A second doctor has found a 22-year-old Santa Rosa man was insane when he killed his father in their Rincon Valley home, setting up a possible lifetime commitment to a mental hospital.

Houston Herczog is accused of stabbing Mark Herczog, 63, more than 50 times in the November 2011 attack.

He pleaded not guilty by reason of insanity and was examined by two psychiatrists who agreed he suffered from paranoid schizophrenia at the time of the slaying, said Herczog's attorney, Karen Silver.

The second court-appointed doctor, Robin Broadman, issued a report Friday stating Herczog believed his father was possessed by an evil force that was trying to kill him, Silver said.

"He thought his life was in danger," Silver said. "He believed who he was killing was not his father."

At a hearing Thursday, prosecutors will challenge the finding and may want to seek a third opinion from their own expert, Silver said.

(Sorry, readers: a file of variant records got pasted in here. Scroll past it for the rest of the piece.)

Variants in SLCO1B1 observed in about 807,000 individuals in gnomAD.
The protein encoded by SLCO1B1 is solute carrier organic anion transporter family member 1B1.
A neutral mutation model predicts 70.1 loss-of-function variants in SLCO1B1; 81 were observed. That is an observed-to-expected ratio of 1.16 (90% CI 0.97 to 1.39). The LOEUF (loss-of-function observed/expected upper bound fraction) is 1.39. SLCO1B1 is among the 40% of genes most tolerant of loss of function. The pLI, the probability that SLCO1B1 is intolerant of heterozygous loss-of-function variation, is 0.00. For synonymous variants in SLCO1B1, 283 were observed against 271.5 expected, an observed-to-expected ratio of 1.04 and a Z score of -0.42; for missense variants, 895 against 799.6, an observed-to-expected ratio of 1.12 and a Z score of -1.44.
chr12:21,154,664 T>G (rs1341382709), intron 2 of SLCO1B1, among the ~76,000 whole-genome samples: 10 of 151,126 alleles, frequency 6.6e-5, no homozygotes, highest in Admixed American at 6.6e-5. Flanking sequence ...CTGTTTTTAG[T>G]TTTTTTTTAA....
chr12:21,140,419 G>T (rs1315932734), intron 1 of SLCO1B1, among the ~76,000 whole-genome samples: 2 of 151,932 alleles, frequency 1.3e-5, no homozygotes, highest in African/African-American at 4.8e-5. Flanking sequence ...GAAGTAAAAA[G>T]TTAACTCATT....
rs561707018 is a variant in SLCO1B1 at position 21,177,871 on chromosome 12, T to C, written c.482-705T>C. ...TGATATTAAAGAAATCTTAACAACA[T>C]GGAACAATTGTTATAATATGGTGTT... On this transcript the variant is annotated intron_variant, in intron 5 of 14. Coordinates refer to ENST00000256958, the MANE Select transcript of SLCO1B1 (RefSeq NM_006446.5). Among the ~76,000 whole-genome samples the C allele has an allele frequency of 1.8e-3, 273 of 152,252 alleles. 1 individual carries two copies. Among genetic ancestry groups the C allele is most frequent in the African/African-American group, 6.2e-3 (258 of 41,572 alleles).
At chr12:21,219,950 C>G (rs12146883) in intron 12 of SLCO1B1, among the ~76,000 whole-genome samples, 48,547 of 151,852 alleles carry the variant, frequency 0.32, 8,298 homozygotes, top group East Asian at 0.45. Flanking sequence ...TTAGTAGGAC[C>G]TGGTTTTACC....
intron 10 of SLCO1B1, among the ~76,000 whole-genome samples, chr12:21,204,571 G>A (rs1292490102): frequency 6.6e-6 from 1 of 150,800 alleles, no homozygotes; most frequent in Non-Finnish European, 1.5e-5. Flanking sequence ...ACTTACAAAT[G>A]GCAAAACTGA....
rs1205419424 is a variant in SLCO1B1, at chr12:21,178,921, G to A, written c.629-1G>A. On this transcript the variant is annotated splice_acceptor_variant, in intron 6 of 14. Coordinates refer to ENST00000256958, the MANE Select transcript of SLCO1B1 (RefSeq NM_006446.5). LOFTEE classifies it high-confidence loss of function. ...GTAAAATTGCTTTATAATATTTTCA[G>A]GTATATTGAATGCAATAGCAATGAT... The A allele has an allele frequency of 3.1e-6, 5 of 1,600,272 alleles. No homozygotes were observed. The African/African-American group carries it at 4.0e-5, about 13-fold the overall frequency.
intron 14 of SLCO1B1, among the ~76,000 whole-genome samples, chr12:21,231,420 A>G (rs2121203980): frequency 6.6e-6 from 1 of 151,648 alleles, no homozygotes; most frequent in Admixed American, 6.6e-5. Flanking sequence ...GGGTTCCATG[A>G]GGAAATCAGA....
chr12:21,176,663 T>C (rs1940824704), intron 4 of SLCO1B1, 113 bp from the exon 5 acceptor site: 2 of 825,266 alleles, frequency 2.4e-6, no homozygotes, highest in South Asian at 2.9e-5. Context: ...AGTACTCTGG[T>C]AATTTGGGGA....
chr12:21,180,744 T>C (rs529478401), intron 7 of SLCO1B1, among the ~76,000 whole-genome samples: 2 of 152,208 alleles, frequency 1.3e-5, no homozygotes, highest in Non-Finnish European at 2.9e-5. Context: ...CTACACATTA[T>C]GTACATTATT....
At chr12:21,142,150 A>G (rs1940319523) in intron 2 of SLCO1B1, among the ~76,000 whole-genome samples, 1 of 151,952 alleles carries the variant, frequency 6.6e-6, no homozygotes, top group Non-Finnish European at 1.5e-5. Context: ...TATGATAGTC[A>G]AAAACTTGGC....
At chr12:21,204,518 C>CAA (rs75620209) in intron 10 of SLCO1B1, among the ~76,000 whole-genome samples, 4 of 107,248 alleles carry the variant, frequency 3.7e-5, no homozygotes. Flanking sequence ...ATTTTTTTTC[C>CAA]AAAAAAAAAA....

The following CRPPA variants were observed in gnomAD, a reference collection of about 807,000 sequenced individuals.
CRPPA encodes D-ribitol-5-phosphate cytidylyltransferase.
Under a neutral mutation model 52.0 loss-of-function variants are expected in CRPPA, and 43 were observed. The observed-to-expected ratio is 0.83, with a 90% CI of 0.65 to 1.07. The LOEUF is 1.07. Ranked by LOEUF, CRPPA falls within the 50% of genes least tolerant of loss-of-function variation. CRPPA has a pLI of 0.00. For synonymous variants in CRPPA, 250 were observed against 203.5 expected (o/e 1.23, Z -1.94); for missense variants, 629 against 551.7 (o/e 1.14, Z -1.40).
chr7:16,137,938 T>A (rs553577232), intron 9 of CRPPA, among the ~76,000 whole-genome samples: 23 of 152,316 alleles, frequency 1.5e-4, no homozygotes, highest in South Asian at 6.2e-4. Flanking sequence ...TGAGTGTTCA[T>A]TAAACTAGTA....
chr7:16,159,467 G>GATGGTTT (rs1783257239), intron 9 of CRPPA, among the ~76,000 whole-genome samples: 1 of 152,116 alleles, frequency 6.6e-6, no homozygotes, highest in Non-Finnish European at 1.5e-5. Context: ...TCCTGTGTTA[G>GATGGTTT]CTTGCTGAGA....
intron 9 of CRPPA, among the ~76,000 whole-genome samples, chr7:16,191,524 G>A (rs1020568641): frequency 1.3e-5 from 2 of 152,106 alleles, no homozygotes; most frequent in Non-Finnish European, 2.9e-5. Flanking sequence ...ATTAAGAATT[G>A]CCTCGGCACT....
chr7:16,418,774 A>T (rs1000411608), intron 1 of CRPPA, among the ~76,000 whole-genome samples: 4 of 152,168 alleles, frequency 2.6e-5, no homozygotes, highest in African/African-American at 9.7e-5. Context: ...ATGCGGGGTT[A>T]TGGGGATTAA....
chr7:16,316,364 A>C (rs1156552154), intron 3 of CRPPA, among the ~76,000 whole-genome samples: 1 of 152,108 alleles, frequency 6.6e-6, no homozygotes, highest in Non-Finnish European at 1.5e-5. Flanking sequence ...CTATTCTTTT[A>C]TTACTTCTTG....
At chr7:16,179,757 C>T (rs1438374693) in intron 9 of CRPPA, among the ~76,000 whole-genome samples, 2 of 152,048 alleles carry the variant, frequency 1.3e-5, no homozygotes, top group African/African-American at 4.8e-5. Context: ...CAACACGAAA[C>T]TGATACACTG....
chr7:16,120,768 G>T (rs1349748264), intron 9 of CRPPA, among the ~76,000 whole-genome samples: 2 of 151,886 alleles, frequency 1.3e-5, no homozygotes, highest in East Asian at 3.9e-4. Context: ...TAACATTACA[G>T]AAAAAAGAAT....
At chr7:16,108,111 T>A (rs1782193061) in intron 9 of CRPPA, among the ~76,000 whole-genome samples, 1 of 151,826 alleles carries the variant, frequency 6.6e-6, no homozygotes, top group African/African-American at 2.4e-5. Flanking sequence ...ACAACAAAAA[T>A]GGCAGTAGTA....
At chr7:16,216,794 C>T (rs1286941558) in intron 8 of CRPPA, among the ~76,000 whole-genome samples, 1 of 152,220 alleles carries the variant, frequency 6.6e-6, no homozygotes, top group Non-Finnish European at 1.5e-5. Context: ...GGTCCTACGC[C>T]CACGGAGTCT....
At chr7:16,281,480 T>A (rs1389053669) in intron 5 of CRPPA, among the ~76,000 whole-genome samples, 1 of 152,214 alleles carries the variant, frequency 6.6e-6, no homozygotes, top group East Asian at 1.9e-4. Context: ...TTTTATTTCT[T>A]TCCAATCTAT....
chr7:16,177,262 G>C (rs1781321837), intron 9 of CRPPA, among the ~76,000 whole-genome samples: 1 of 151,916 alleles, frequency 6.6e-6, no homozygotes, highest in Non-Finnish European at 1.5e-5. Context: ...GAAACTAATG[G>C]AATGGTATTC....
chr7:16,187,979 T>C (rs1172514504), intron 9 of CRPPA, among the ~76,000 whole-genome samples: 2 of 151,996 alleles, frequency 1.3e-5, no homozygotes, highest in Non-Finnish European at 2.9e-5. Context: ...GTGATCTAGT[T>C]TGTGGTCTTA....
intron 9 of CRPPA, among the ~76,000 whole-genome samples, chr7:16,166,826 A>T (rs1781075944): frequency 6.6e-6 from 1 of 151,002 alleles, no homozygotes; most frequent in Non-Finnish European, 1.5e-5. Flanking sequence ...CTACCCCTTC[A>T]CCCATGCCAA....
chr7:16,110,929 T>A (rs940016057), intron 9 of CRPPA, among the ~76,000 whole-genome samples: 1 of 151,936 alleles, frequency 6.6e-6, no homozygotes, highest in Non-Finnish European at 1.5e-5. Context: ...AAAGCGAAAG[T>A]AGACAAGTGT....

Prosecutor Bob Waner did not return a telephone call seeking comment Monday.

Silver said the evidence is overwhelming that Herczog, who has a history of mental illness, was suffering delusions when he attacked his father in the kitchen with four different knives. She said it's clear he was unable to distinguish right from wrong.

Silver will ask Judge Dana Simonds to send him to a mental hospital for an indefinite period. He could remain in the locked facility for life or be released in as soon as five years, she said.

"The burden of proof will always be on him to show that he is not a danger to the community," Silver said.

Few people deemed insane at the time of a killing are ever freed. But it has happened recently in Sonoma County. Mathew Beck, who stabbed two Rohnert Park women to death in 2000, was released to a Santa Rosa halfway house last year after about a dozen years in state hospitals.

Beck, who also claimed his victims were evil spirits, pleaded not guilty by reason of insanity in the killings of Sandra Napier, 36, and her mother, Marcella Napier, 63.

Beck was denied release twice before he received the backing of mental health officials, who said he would not pose a risk.

Herczog's family members said he had been suffering from psychiatric problems for more than a year before he attacked his father after returning home from an all-hours gym at 1 a.m.

He has been in a special mental health unit of the jail since his arrest, his lawyer said.

You can reach Staff Writer Paul Payne at 568-5312 or paul.payne@pressdemocrat.com.